A review of Douglas Thompson's The Rhymer: an Heredyssey

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Douglas Thompson's The Rhymer: an Heredyssey was published as an e-book by Elsewhen Press in May 2014. The paperback edition will be published in July 2014.

Information about Douglas Thompson:

Douglas Thompson's short stories have appeared in a wide range of magazines and anthologies, most recently Albedo One, Ambit, Postscripts, and New Writing Scotland. He won the Grolsch/Herald Question of Style Award in 1989 and second prize in the Neil Gunn Writing Competition in 2007. His first book, Ultrameta, was published by Eibonvale Press in August 2009, nominated for the Edge Hill Prize, and shortlisted for the BFS Best Newcomer Award, and since then he has published four subsequent novels, Sylvow (Eibonvale, 2010), Apoidea (The Exaggerated Press, 2011), Mechagnosis (Dog Horn, 2012), Entanglement (Elsewhen Press, 2012) and has two forthcoming in 2014, The Brahan Seer and Volwys, from Acair Publishing and Dog Horn respectively. The Rhymer is his eighth novel.



Information about The Rhymer: an Heredyssey:

The Rhymer, an Heredyssey defies classification in any one literary genre. A satire on contemporary society, particularly the art world, it is also a comic-poetic meditation on the nature of life, death and morality.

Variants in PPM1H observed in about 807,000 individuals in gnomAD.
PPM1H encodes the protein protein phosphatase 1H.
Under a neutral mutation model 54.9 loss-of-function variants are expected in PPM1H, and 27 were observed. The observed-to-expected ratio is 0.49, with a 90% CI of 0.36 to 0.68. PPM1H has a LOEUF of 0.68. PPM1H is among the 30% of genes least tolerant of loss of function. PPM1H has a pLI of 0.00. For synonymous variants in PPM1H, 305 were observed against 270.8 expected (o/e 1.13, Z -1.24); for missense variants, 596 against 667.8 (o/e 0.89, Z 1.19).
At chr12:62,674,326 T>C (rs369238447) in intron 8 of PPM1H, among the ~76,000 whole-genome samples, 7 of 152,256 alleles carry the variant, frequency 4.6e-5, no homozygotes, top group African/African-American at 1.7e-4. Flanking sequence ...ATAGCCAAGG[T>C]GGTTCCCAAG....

A mysterious tramp wanders from town to town, taking a new name and identity from whoever he encounters first. Apparently amnesiac or even brain-damaged, Nadith Learmot nonetheless has other means to access the past and perhaps even the future: upon his chest a dial, down his sleeves wires that he can connect to the walls of old buildings from which he believes he can read their ghosts like imprints on tape. Haunting him constantly is the resemblance he apparently bears to his supposed brother, a successful artist called Zenir. Setting out to pursue Zenir and denounce or blackmail him out of spite, in his travels around the satellite towns and suburbs surrounding a city called Urbis, Nadith finds he is always two steps behind a figure as enigmatic and polyfaceted as himself. But through second hand snippets of news he increasingly learns of how his brother's fortunes are waning, while his own, to his surprise, are on the rise. Along the way, he encounters unexpected clues to his own true identity, how he came to lose his memory and acquire his strange ‘contraption’. When Nadith finally catches up with Zenir, what will they make of each other?